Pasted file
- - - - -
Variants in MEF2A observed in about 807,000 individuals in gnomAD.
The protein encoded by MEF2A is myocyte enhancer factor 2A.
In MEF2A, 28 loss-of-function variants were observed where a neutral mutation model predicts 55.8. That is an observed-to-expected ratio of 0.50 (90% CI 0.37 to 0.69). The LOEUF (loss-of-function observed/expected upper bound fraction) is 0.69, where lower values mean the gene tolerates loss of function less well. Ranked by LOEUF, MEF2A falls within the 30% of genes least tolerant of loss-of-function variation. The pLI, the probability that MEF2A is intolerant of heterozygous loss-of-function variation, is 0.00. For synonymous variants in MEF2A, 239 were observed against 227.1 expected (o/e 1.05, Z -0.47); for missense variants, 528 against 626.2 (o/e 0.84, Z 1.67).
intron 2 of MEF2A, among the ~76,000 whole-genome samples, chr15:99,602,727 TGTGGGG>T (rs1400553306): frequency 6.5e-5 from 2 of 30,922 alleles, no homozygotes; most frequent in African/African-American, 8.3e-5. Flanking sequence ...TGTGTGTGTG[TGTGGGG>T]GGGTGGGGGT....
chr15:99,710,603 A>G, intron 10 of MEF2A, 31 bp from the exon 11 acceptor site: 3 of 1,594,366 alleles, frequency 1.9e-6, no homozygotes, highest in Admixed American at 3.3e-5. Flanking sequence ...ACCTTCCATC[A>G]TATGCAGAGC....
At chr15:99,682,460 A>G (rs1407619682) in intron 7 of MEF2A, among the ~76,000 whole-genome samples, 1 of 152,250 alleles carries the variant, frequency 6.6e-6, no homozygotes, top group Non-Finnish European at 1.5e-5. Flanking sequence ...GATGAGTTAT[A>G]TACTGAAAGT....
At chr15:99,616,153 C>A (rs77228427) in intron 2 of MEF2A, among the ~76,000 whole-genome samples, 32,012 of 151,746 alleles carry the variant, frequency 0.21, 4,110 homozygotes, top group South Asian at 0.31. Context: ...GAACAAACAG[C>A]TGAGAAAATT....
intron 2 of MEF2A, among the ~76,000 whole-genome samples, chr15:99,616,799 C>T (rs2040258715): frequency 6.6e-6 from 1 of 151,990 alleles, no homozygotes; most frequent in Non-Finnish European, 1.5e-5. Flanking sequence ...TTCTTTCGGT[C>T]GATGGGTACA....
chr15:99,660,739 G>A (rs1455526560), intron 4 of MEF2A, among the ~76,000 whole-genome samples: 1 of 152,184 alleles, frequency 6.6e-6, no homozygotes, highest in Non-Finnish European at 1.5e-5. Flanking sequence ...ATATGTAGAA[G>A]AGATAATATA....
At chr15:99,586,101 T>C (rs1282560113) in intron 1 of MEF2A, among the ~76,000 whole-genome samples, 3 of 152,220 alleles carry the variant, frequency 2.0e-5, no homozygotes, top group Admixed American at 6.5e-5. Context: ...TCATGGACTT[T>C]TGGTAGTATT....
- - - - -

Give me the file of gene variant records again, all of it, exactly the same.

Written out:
Variants in MEF2A observed in about 807,000 individuals in gnomAD.
The protein encoded by MEF2A is myocyte enhancer factor 2A.
In MEF2A, 28 loss-of-function variants were observed where a neutral mutation model predicts 55.8. That is an observed-to-expected ratio of 0.50 (90% CI 0.37 to 0.69). The LOEUF (loss-of-function observed/expected upper bound fraction) is 0.69, where lower values mean the gene tolerates loss of function less well. Ranked by LOEUF, MEF2A falls within the 30% of genes least tolerant of loss-of-function variation. The pLI, the probability that MEF2A is intolerant of heterozygous loss-of-function variation, is 0.00. For synonymous variants in MEF2A, 239 were observed against 227.1 expected (o/e 1.05, Z -0.47); for missense variants, 528 against 626.2 (o/e 0.84, Z 1.67).
intron 2 of MEF2A, among the ~76,000 whole-genome samples, chr15:99,602,727 TGTGGGG>T (rs1400553306): frequency 6.5e-5 from 2 of 30,922 alleles, no homozygotes; most frequent in African/African-American, 8.3e-5. Flanking sequence ...TGTGTGTGTG[TGTGGGG>T]GGGTGGGGGT....
chr15:99,710,603 A>G, intron 10 of MEF2A, 31 bp from the exon 11 acceptor site: 3 of 1,594,366 alleles, frequency 1.9e-6, no homozygotes, highest in Admixed American at 3.3e-5. Flanking sequence ...ACCTTCCATC[A>G]TATGCAGAGC....
At chr15:99,682,460 A>G (rs1407619682) in intron 7 of MEF2A, among the ~76,000 whole-genome samples, 1 of 152,250 alleles carries the variant, frequency 6.6e-6, no homozygotes, top group Non-Finnish European at 1.5e-5. Flanking sequence ...GATGAGTTAT[A>G]TACTGAAAGT....
At chr15:99,616,153 C>A (rs77228427) in intron 2 of MEF2A, among the ~76,000 whole-genome samples, 32,012 of 151,746 alleles carry the variant, frequency 0.21, 4,110 homozygotes, top group South Asian at 0.31. Context: ...GAACAAACAG[C>A]TGAGAAAATT....
intron 2 of MEF2A, among the ~76,000 whole-genome samples, chr15:99,616,799 C>T (rs2040258715): frequency 6.6e-6 from 1 of 151,990 alleles, no homozygotes; most frequent in Non-Finnish European, 1.5e-5. Flanking sequence ...TTCTTTCGGT[C>T]GATGGGTACA....
chr15:99,660,739 G>A (rs1455526560), intron 4 of MEF2A, among the ~76,000 whole-genome samples: 1 of 152,184 alleles, frequency 6.6e-6, no homozygotes, highest in Non-Finnish European at 1.5e-5. Flanking sequence ...ATATGTAGAA[G>A]AGATAATATA....
At chr15:99,586,101 T>C (rs1282560113) in intron 1 of MEF2A, among the ~76,000 whole-genome samples, 3 of 152,220 alleles carry the variant, frequency 2.0e-5, no homozygotes, top group Admixed American at 6.5e-5. Context: ...TCATGGACTT[T>C]TGGTAGTATT....